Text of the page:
We love the Microplane Classic, but it’s not the only rasp around anymore. Can any of the newcomers top our old favorite?
Published May 1, 2017. Appears in America's Test Kitchen TV Season 21: Grilled Cheese and Tomato Soup
We use rasp-style graters to zest citrus fruits and grate hard cheeses, ginger, shallots, garlic, nutmeg, and more. One manufacturer has ruled the fine-grating roost for years—heck, it invented the game. Grace Manufacturing, the parent company of Microplane, pioneered and patented a special photographic chemical etching process that creates razor-sharp grating teeth. The company initially produced long metal rasps for woodworking but found that consumers were using them in the kitchen, too, so they added a culinary line. But their patent on this process expired in 2011, freeing other manufacturers to create their own versions of this handy tool.
The ideal rasp-style grater would make delicate shreds from a range of foods and would grate said foods evenly. The Microplane Classic Zester/Grater ($12.95) has been our longtime favorite, and while it makes perfect shreds, its narrow (1-inch) grating surface often carves into cheese, leaving behind a trench. This isn’t a deal breaker, but since we last tested, Microplane and other manufacturers have come out with new options, some with wider grating surfaces. Was our old favorite still the best? To find out, we tested it against seven new contenders, priced from $9.99 to $28.00.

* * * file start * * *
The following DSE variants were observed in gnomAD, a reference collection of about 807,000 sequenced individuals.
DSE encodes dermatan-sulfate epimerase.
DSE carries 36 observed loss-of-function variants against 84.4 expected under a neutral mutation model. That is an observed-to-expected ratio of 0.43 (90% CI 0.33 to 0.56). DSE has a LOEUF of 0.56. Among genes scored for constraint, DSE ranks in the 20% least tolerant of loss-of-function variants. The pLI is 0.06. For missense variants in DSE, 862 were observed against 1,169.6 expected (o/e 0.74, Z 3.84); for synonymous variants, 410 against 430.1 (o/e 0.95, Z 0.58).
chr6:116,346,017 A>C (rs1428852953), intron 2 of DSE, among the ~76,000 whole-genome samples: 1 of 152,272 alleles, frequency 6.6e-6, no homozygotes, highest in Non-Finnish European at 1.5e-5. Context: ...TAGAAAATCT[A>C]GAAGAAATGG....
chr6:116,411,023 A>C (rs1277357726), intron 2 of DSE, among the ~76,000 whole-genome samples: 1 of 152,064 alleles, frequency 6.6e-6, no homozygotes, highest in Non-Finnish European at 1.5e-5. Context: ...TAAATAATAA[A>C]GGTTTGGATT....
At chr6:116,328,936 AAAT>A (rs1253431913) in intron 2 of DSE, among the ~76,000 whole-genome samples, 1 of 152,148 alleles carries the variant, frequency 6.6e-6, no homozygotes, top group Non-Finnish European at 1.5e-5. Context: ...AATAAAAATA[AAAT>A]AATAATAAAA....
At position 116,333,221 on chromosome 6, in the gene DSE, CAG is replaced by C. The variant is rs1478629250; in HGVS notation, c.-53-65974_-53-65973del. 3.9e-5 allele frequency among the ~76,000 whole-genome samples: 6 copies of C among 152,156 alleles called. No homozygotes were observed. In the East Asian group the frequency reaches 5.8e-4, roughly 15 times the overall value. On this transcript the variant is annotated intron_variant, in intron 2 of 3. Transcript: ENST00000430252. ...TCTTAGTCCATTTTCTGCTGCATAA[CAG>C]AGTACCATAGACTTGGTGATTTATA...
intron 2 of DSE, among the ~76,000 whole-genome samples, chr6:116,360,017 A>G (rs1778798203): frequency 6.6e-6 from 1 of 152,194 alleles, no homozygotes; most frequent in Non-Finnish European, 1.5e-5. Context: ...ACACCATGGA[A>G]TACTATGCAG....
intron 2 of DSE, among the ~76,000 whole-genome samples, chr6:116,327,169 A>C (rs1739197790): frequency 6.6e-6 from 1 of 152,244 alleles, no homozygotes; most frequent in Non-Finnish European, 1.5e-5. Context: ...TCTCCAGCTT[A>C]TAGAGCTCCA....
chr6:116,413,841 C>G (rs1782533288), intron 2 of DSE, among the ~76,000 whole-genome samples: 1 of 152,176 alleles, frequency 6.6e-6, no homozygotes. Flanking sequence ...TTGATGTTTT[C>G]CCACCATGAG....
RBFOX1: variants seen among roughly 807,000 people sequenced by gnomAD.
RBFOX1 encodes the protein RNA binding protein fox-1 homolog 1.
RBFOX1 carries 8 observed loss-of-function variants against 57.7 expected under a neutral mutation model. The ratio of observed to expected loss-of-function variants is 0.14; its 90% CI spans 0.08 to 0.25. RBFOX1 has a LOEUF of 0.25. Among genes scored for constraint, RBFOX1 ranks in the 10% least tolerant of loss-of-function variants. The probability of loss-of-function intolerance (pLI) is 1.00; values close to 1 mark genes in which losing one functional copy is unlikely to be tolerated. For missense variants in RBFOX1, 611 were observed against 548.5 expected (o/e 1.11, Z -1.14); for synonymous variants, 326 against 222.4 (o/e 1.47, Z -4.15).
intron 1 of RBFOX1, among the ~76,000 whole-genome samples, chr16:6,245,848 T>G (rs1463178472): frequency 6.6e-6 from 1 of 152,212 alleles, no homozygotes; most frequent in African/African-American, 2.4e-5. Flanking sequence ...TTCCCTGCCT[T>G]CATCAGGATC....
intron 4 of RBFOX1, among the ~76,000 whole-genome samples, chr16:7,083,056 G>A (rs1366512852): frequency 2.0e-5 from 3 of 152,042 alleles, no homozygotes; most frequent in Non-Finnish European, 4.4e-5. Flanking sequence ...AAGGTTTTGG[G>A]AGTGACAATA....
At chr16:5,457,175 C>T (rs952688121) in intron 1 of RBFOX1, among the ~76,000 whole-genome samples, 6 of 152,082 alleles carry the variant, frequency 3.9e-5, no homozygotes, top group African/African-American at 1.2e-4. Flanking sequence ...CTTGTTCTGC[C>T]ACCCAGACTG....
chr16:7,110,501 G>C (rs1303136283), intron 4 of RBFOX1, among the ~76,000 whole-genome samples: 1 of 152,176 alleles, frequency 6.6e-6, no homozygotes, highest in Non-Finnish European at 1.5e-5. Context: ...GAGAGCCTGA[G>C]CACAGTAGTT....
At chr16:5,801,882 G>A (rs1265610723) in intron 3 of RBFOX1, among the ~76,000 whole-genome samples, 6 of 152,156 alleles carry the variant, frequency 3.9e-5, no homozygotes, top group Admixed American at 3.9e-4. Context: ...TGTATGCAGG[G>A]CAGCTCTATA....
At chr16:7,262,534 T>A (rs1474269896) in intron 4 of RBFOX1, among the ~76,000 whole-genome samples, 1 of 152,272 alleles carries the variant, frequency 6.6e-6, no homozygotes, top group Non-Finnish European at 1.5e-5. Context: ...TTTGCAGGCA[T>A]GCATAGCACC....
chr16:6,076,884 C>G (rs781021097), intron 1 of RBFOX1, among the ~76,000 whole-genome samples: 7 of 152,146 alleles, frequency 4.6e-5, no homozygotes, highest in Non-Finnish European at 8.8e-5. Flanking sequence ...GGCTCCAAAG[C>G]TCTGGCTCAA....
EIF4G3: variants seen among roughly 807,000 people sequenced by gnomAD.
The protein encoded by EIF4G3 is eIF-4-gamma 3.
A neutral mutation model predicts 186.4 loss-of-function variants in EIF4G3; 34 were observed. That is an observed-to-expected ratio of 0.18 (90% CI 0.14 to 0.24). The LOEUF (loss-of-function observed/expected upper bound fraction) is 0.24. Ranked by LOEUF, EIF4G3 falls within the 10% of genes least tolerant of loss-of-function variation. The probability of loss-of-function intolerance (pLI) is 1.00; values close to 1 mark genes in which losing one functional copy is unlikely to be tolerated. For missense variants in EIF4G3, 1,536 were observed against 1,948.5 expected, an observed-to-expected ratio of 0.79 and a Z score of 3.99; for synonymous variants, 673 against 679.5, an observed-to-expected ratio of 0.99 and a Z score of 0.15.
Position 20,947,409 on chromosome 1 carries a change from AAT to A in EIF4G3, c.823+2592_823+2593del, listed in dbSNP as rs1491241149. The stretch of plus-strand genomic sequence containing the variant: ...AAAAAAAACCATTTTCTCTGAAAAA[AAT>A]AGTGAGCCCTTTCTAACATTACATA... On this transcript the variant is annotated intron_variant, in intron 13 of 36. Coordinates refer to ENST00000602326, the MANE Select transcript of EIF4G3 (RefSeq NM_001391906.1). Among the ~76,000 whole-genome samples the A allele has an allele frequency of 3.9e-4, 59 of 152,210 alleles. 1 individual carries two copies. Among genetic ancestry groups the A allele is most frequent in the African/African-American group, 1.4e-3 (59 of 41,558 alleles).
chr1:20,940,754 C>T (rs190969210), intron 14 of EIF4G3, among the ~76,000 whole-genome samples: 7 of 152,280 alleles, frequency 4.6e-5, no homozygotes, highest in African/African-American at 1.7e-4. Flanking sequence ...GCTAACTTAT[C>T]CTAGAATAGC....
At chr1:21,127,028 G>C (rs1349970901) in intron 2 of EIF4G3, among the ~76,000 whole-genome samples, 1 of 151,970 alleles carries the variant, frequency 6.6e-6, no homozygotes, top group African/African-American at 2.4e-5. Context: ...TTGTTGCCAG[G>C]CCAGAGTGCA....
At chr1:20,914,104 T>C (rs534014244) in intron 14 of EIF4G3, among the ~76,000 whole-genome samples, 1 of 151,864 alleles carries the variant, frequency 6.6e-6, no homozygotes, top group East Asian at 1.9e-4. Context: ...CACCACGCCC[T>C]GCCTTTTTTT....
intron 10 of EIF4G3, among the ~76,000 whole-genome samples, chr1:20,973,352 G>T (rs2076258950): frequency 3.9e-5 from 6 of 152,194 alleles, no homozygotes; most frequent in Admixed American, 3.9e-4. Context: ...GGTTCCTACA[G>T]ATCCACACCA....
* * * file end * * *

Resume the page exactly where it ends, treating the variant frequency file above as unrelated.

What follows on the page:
Our first test was grating Parmesan cheese. We trimmed eight identical 1-ounce chunks of Parmesan, one for each model. Then we put a cutting board on a large scale so we could be sure to use the exact same amount of pressure for each swipe and started grating. Six of the graters turned in admirable times, taking between 40 and 50 seconds per ounce of cheese. A seventh model took around a minute, and the eighth took a glacial 2 minutes.
The slow model’s grating teeth seemed very tiny, so we measured the teeth on all the graters for comparison. The teeth on the sluggish grater averaged 0.9 square millimeters, while the rest of the graters’ teeth were two to four times as large, at 2.1 to 4.4 square millimeters. Wider teeth allowed the cheese to pass through at a higher rate, making for faster, more efficient grating. Because of its small teeth, the slow model also produced much finer shreds than other graters. We always recommend measuring grated cheese by weight rather than volume, since 1 cup of finely grated cheese can weigh a lot more than 1 cup of coarsely grated cheese. So these finer shreds won’t throw a recipe off as long as you weigh them; we did, however, find them a bit wimpy, and we noted that they disappeared when sprinkled on hot spaghetti.
We also looked at the shape of each grater’s teeth. All the graters except for the small-toothed model had teeth roughly shaped like the lette...
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Hannah is an executive editor for ATK Reviews and cohost of Gear Heads on YouTube.